Docker

Docker is a platform for packaging, distributing and running applications. It allows you to package your application together with its whole environment.

Docker was the first container system that made containers easily portable across different machines. It simplified the process of packaging up not only the application but also all its libraries and other dependencies, even the whole OS file system, into a simple portable package that can be used to provision the application to any other machine running Docker.

When you run an application packaged with Docker, it sees the exact filesystem contents that you’ve bundled with it. It sees the same files whether it’s running on your development machine or a production machine, even if the production server is running a completely different Linux OS. The application won’t see anything from the server it’s running on, so it doesn’t matter if the server has a completely different environment.

This is similar to creating a VM image by installing an operating system into a VM, installing the app inside it, and then distributing the whole VM image around and running it. Docker achieves the same effect, but instead of using VMs to achieve app isolation, it uses Linux container technologies to provide (almost) the same level of isolation that VMs do. Instead of using big monolithic VM images, it uses container images, which are usually smaller.

A big difference between Docker-based container images and VM images is that container images are composed of layers, which can be shared and reused across multiple images. This means only those layers of an image need to be downloaded which haven’t been downloaded previously by other containers.

Core concepts

Images

A Docker-based container image is a representation of your application together with its environment. It contains the filesystem that will be available to the application and other metadata, such as the path to the executable that is called when the image is run.

Registries

A Docker registry is a repository that stores your Docker images and facilitates easy sharing of those images.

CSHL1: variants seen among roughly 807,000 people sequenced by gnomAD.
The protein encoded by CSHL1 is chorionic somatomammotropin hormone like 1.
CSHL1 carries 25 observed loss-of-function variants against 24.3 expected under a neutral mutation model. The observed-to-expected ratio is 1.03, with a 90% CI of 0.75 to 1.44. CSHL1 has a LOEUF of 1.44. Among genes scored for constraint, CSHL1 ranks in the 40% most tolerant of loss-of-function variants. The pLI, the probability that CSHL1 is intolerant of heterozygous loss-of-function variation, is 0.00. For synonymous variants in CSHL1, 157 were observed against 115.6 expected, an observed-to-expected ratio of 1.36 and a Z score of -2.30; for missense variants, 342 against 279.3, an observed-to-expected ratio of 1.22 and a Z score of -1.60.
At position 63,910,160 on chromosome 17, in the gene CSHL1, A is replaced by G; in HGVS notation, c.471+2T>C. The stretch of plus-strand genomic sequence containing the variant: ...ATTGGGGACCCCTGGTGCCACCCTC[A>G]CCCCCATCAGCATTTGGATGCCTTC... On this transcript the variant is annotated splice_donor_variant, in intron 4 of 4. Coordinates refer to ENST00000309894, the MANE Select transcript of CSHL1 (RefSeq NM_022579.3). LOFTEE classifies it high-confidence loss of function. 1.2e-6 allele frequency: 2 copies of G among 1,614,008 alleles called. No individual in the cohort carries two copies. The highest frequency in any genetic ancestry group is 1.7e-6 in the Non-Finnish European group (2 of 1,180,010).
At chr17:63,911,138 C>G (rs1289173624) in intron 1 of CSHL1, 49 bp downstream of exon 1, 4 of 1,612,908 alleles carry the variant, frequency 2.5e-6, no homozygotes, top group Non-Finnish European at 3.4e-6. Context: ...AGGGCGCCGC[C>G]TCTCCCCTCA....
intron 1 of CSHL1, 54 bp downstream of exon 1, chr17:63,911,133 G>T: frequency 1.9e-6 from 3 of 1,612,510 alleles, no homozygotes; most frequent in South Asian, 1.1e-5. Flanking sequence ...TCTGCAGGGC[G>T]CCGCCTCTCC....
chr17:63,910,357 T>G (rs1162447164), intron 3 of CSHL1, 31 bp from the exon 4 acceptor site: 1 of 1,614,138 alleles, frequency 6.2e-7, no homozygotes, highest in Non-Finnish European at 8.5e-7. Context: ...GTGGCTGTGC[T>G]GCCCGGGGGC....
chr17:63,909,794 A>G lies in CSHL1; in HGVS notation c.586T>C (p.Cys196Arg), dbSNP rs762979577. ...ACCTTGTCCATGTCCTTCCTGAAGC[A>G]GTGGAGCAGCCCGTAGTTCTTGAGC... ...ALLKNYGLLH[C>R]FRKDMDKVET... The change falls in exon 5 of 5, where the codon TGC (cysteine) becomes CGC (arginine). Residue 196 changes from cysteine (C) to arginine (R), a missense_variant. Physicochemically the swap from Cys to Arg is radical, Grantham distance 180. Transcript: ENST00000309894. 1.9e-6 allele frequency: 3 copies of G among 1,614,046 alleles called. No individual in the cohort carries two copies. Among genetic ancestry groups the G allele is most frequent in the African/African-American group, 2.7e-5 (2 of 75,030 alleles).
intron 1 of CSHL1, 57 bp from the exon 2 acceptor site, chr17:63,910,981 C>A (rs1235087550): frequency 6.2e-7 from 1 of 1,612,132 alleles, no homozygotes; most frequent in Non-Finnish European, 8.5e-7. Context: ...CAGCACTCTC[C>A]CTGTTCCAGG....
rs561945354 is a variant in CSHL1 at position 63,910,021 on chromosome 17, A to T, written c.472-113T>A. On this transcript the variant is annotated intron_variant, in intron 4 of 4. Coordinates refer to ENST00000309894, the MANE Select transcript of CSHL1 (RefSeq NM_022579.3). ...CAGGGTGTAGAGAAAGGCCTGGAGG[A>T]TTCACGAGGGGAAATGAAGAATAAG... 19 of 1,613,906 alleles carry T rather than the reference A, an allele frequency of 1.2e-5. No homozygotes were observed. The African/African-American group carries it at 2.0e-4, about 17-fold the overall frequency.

Containers

A Docker-based container is a regular Linux container created from a Docker-based container image. A running container is a process running on the host running Docker but it’s completely isolated from both the host and all other processes running on it. The process is also resource-constrained and can only access and use the resources allocated to it.

Virtual machines vs Docker Containers

In the chapter Containers, we saw how regular Linux containers compare with VMs. Let’s see how Docker containers specifically compare to virtual machines.

If each container has its own isolated filesystem, how can both app A and app B share the same files?

Docker images are composed of layers. Different images can contain the exact same layers because every Docker image is built on top of another image and two different images can both use the same parent image as their base. This speeds up distribution of images across the network and also reduces the storage footprint of images. Each layer is only stored once.

Two containers created from two images based on the same base layers can therefore read the same files, but if one of them writes over those files, the other one doesn’t see those changes. Therefore, even if they share files, they are still isolated from each other. This works because container image layers are read-only. When a container is run, a new writable layer is created on top of the layers in the image. When the process in the container writes to a file located in one of the underlying layers, a copy of the whole file is created in the top-most layer and the process writes to that copy.

Portability limitations of Docker

In theory, a container image can be run on any Linux machine running Docker, but one small caveat exists. All containers running on a host use the host’s Linux kernel. If a containerised application requires a specific kernel version, it may not work on every machine. VMs have no such constraints because each VM runs its own kernel.

Additionally, a containerised app built for specific hardware architecture can only run on other machines that have the same architecture. You can’t containerise an application built for x86 and expect it to run on an ARM machine. You would need a VM for that.

rkt

After the success of Docker, the Open Container Initiative (OCI) was born to create open industry standards around container formats and runtime. Docker is part of that initiative, as is rkt (pronounced “rock-it”), which is another Linux container engine.

Like Docker, rkt is a platform for running containers. It puts a strong emphasis on security, composability and conforming to open standards. It uses the OCI container image format and can even run regular Docker container images.

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